The old beaver lodges were silent . . .
. . . as were the marshes.
I decided to put in at Kingsland Bay. The winds were from the south at just 2 or 3 knots. Lake Champlain was calm.
There are not many waterfowl about. Some seagulls . . .
. . . and cormorants.
I always enjoy following the cliffs about the lake.
Though the leaves are long past, the algae on the rocks were an unexpected bit of green against the gray and brown rocks.
I like paddling near the shoreline, but one has to be careful of the rocks. Some are barely submerged, and running into them can lead to a capsize (not a good thing in the winter!).
I paddled out onto the broad lake and headed east to the mouth of the South Slang,
The ice was out all the way to the lake. There was no safe way to paddle into the slang (yes, the boat could break through most of the ice, but it is hard to maneuver through the broken pans of ice).
The marshes are getting iced-in.
I headed back to Kingsland Bay. Off in the distance I could see Whiteface Mountain in the Adirondacks.
There was a wonderful interplay of waves and light in the shallow bays. The water is now very clear, and I can see the ripples in the sand below. The slight wind-waves created patterns on the sand, creating a pattern all along the lake bottom as far as I could see!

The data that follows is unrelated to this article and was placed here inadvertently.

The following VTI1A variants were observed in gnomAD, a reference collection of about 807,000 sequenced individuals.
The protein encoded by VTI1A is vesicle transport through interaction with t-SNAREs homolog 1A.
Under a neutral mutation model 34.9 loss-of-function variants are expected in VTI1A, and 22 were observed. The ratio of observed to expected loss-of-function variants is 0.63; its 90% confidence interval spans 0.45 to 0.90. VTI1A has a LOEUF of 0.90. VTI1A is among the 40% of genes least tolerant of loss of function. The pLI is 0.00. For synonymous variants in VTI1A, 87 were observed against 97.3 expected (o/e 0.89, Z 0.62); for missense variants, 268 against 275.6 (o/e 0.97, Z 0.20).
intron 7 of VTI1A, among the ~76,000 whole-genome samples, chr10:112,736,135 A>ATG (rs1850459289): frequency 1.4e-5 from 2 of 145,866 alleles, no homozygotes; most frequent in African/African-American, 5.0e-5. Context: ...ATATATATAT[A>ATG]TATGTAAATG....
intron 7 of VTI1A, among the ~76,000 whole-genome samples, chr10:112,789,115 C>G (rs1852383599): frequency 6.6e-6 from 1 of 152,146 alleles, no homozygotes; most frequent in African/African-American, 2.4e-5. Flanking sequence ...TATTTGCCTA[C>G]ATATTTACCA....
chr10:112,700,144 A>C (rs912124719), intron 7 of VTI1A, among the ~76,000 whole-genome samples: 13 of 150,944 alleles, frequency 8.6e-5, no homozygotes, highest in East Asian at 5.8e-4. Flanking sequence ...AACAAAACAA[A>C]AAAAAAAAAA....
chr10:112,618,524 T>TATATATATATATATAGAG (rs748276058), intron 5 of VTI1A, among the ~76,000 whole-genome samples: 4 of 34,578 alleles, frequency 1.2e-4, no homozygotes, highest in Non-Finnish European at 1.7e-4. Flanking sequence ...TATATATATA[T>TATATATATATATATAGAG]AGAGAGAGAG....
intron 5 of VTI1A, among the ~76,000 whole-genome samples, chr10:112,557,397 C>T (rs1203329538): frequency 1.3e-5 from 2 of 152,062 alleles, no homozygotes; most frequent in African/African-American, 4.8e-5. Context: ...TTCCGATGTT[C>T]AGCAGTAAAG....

I paddled back to my car. My feet were getting cold. By the time I took my kayak out of the water, by hands were felt like they were encased in pins and needles (yes, I had to get my hands wet when I took my kayak out of the cold water)!
After a glass of warm cider, I decided to go for a short bike ride. I went up over the hill on Green Street. I passed the frozen marshes . . .
. . . and cycles along the quiet roads.
There is still a slight covering of snow in the woods. Soon I will be snow shoeing!
I had to stop by some open farm field and take in the views to the east of the Green Mountains. Spectactular!
I hope you don't let the cold stop you from enjoying natures glory!